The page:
April 6, 2022

New Construction at Charter School Adds Space, Capacity to Campus

SPACE AT LAST: The new fourth grade classroom at Princeton Charter School is among additions, designed by architect Michael Farewell, to the campus on Bunn Drive.

By Anne Levin

Thanks to the completion of a two-year construction project, fourth and fifth grade students at Princeton Charter School have moved out of temporary trailers into new, spacious, light-filled classrooms.

The $5.6 project, which will be celebrated Thursday, April 7 with a ribbon-cutting ceremony attended by State Sen. Andrew Zwicker, Mayor Mark Freda, members of Princeton Council, and other guests, also includes an expansion of the cafeteria, allowing for more reasonable lunch hours and a space for after-school programs.

“This is massive for us,” said Head of School Larry Patton. “We so needed the extra capacity. Our students and parents are thrilled, and the fourth and fifth graders are just loving the space.”

Founded 25 years ago, Princeton Charter School was originally in a former office building at 100 Bunn Drive, and has expanded over the years. The new classrooms and cafeteria were needed to accommodate the full student enrollment of 424 students from its expansion in 2017. Fourth graders had been in the trailers since 2017, the first year of the school’s expansion. The fifth graders are in two new classrooms connected to the middle school, freeing up space in the main building that will ease the demands of its schedule.

The new classrooms are located between the lower and upper school buildings, “literally and figuratively bridging the space between the two divisions,” reads a press release from the school. Patton appreciates the design created by

Michael Farewell, who also designed the earlier campus center project.

“The new spaces are bright, filled with natural light, and provide a great space for our students,” Patton said. “They also create a great flow for movement around the campus. The additional space allows us to manage the challenges of our academic schedule caused by specialized classes and smaller sections in math, English, and world languages.”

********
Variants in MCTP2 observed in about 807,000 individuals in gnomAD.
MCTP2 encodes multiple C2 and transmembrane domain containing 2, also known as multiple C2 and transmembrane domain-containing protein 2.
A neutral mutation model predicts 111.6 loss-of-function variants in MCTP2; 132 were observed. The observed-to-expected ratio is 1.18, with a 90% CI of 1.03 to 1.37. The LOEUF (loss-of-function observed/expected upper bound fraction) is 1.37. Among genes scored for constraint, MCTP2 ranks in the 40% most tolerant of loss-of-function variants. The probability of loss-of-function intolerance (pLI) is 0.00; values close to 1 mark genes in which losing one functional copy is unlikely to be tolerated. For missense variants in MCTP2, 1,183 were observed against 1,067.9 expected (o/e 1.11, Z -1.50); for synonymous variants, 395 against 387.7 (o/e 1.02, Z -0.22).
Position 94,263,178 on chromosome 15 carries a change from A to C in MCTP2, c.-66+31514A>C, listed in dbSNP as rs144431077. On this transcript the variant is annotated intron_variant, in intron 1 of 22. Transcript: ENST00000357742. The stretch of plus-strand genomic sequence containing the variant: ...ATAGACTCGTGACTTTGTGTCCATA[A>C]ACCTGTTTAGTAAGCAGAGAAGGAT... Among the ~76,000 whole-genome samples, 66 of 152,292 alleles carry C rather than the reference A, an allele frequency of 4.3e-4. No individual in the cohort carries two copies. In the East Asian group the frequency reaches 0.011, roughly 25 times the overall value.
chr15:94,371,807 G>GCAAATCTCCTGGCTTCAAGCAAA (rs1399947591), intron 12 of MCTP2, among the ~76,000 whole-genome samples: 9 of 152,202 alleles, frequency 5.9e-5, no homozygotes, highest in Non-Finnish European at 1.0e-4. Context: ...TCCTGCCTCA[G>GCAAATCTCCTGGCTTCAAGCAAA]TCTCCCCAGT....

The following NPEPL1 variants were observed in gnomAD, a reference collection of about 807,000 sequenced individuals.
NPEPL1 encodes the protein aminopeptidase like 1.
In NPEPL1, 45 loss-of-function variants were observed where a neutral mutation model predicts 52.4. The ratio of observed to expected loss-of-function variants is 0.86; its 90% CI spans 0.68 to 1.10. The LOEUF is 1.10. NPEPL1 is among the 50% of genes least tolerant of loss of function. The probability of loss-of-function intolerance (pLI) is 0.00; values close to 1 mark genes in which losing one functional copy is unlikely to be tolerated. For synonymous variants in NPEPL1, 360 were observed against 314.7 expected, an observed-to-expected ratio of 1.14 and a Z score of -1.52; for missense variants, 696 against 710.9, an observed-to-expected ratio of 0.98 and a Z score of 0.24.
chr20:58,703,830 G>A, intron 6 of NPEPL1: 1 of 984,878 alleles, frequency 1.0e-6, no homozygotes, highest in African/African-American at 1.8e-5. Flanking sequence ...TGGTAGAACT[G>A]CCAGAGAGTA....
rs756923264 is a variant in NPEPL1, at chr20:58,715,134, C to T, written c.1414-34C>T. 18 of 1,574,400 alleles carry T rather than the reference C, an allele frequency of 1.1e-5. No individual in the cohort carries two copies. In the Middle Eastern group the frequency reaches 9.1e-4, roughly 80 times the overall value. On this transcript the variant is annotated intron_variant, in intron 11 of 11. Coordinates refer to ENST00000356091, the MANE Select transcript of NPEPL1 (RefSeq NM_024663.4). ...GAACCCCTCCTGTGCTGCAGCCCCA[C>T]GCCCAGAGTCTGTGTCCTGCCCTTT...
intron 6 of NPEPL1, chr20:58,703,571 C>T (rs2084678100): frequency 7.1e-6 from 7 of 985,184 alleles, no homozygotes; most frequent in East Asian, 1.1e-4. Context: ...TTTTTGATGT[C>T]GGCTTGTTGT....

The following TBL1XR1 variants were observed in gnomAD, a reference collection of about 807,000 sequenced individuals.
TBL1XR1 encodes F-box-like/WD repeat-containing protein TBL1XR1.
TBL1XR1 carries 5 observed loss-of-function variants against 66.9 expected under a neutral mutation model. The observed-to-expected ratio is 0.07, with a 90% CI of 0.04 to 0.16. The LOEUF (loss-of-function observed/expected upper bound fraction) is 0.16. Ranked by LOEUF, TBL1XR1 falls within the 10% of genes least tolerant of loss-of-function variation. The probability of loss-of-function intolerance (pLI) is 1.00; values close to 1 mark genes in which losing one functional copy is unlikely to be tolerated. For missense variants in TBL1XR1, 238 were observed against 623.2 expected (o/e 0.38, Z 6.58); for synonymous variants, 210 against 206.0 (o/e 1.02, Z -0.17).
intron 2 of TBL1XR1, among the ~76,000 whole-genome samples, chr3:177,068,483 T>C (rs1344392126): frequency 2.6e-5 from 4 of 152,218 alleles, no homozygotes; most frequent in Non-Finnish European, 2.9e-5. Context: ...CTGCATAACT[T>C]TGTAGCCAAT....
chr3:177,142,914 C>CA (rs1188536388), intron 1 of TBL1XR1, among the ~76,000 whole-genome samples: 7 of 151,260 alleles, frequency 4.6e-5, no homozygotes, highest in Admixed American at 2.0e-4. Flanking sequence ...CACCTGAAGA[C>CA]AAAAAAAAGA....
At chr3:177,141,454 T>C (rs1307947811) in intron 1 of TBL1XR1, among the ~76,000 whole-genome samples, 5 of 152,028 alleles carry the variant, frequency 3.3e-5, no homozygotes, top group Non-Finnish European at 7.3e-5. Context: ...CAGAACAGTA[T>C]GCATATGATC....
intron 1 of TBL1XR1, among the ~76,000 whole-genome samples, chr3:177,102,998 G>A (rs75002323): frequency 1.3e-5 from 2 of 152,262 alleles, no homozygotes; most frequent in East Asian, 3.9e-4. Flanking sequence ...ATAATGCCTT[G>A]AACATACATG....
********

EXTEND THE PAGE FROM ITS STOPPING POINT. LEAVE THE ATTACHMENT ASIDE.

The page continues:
The three new buildings were built by Len Scozzari of Scozzari Builders Inc. “The project knits the campus architecture and landscape together while providing large, airy classrooms and cafeteria,” said Farewell. “The arc of buildings frames an outdoor room, with an ampitheater stepping up to the upper campus. This is a collection of individual buildings now brought into a campus assembly.”

Princeton Charter School funded the majority of the project through a second mortgage financed by Peapack-Gladstone Bank. The remaining funds were raised through donations from current and former parents and community supporters. None of the funding for the project came from the recently passed $17.5 million bond referendum to finance facility improvements in the Princeton Public Schools district.  Charter schools, although they are public schools, do not receive any funds from public school bond referendums.

The original facility was far from ideal. Scheduling has been complicated, and classroom availability has been a constant challenge.

“We care about the instruction in the classroom more than we care about the classroom,” said Patton. “We’ve always been focused on that. But I will say, the mood and feel of these new spaces has been uplifting for me, and the improvement to the campus just feels really good. We’re getting our students out of the trailers — which were fine — but this is much better space and light and connectivity. It really helps them.”